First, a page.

Ontario politician on Canadian telcos: ‘Consumers are tired of being gouged by these companies’

Earlier this week we observed that Telus will now let eligible customers “unlock” their phones for a ludicrously overpriced fee of $50 (Rogers and Fido recently did the same).

Ontario Liberal MPP David Orazietti isn’t pleased with this latest money grab from Canadian telcos and has gone so far as to publicly state his strong opinions. After introducing Bill 133, or the “Wireless Phone, Smart Phone and Data Service Transparency Act 2010” in November of last year, David is now once again lunging at telcos for gouging their customers.

“The recent decision by Telus Mobility to offer unlocking as a paid service falls well short of providing customers with any meaningful new consumer protections,” said David. “Telus’ decision fails to recognize that a device that has been paid for in full should automatically be accessible to the owner at no additional cost.” 

He goes on to say that, “under Telus’ new rules, owners of many smartphone models, such as the iPhone, the Samsung Elevate and the Samsung Advance, as well as owners of older cell phone models, will not be eligible to have their devices unlocked.” An then he drops the hammer on them: “When it comes to addressing unfair business practices, the major wireless service providers still have a very long way to go and, frankly, consumers are tired of being gouged by these companies.” 

Few can argue with that. David’s Bill 133 hopes to rectify some of this. The Act proposes greater transparency and protection for consumers of wireless phones and their attached data services. Specifically, the Act proposes that Canadian telcos be required to:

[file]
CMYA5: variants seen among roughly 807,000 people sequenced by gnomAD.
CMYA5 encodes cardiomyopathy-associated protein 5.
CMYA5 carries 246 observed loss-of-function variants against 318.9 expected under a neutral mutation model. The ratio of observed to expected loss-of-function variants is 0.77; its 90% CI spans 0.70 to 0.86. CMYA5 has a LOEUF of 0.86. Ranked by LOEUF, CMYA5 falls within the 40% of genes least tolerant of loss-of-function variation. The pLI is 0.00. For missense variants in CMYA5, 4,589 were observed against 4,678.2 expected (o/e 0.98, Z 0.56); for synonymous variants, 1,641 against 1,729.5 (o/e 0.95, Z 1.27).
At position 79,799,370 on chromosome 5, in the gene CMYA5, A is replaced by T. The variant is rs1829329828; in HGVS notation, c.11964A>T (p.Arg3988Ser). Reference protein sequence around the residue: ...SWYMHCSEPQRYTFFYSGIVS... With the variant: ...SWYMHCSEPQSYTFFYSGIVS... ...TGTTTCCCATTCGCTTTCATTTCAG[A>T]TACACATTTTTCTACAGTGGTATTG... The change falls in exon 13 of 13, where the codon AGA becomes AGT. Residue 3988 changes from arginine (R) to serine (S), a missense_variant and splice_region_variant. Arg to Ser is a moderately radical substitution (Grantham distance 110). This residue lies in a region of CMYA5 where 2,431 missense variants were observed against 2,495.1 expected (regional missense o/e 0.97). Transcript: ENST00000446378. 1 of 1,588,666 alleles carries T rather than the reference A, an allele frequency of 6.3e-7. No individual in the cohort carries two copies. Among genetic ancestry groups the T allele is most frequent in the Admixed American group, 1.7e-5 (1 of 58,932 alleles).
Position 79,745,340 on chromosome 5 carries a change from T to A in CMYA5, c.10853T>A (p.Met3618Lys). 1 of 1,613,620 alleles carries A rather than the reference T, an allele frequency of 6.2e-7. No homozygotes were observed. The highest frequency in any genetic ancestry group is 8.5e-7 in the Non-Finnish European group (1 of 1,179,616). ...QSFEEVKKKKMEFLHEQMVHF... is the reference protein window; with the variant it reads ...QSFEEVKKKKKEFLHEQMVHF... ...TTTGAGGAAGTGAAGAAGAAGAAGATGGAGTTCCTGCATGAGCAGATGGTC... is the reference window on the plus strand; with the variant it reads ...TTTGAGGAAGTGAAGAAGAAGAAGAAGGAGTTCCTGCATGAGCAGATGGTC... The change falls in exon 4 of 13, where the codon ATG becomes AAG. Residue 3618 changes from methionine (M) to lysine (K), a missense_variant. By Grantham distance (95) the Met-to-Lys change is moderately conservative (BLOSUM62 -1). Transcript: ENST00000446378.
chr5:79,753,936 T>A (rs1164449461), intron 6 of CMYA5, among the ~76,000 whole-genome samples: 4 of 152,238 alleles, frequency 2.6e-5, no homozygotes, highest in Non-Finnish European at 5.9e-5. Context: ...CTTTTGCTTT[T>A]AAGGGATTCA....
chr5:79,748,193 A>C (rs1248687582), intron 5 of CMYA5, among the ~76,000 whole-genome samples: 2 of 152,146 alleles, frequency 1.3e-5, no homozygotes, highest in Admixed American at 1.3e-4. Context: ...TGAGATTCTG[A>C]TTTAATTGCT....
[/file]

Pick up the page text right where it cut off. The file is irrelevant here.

• Improve transparency of automatic renewals. 

• Notify consumers when they incur any additional charges. 

• Eliminate activation dates and expiry dates on prepaid cards.

• Make true costs more transparent when advertising.

• Disclose the cost of all optional and mandatory services included in an agreement. 

• Make service agreements more understandable to consumers. 

• Reduce contract cancellation fees.

And SooToday highlighted statistics from a 2010 survey which found that, globally, Canadians pay the highest minimum monthly charges for cellphone services. Aong their other highlights:

– The Commissioner for Complaints for Telecommunications Services (CCTS) reports that complaints about wireless carriers comprised 52 percent of the complaints it received in the 2009-2010 monitoring period. 

– 75 percent of the complaints about postpaid wireless services received by the CCTS for 2009 fell within the following categories: billing errors, termination disputes customer service grievances, and terms and conditions changes. 

– Cellular phone service is the business category for which Better Business Bureaus in Canada had the most complaints last year. 

– Complaints about cell phones and long distance charges consistently appear on the Ministry of Consumer Service’s annual list of “Top 10 Consumer Complaints”.